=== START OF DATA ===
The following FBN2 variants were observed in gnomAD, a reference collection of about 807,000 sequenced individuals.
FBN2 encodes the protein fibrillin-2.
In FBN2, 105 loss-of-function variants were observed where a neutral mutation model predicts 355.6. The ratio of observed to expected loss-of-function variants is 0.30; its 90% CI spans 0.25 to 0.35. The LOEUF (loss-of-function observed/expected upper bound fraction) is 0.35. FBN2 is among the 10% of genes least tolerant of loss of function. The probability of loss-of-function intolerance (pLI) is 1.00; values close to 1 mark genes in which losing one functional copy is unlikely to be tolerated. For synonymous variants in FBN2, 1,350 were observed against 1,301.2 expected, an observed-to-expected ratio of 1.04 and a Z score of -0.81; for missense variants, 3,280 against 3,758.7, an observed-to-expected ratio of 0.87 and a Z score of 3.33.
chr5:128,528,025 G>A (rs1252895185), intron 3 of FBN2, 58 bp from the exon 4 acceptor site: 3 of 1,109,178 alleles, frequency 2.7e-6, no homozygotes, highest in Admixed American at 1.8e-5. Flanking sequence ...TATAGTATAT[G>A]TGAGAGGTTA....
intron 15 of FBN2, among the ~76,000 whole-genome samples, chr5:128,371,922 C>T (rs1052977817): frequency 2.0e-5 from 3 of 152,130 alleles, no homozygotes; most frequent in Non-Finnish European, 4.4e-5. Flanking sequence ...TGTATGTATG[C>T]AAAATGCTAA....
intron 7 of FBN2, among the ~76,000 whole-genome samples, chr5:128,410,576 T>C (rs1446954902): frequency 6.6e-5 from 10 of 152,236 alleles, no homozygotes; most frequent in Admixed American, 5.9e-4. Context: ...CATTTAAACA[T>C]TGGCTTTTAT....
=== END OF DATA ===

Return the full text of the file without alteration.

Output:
The following FBN2 variants were observed in gnomAD, a reference collection of about 807,000 sequenced individuals.
FBN2 encodes the protein fibrillin-2.
In FBN2, 105 loss-of-function variants were observed where a neutral mutation model predicts 355.6. The ratio of observed to expected loss-of-function variants is 0.30; its 90% CI spans 0.25 to 0.35. The LOEUF (loss-of-function observed/expected upper bound fraction) is 0.35. FBN2 is among the 10% of genes least tolerant of loss of function. The probability of loss-of-function intolerance (pLI) is 1.00; values close to 1 mark genes in which losing one functional copy is unlikely to be tolerated. For synonymous variants in FBN2, 1,350 were observed against 1,301.2 expected, an observed-to-expected ratio of 1.04 and a Z score of -0.81; for missense variants, 3,280 against 3,758.7, an observed-to-expected ratio of 0.87 and a Z score of 3.33.
chr5:128,528,025 G>A (rs1252895185), intron 3 of FBN2, 58 bp from the exon 4 acceptor site: 3 of 1,109,178 alleles, frequency 2.7e-6, no homozygotes, highest in Admixed American at 1.8e-5. Flanking sequence ...TATAGTATAT[G>A]TGAGAGGTTA....
intron 15 of FBN2, among the ~76,000 whole-genome samples, chr5:128,371,922 C>T (rs1052977817): frequency 2.0e-5 from 3 of 152,130 alleles, no homozygotes; most frequent in Non-Finnish European, 4.4e-5. Flanking sequence ...TGTATGTATG[C>T]AAAATGCTAA....
intron 7 of FBN2, among the ~76,000 whole-genome samples, chr5:128,410,576 T>C (rs1446954902): frequency 6.6e-5 from 10 of 152,236 alleles, no homozygotes; most frequent in Admixed American, 5.9e-4. Context: ...CATTTAAACA[T>C]TGGCTTTTAT....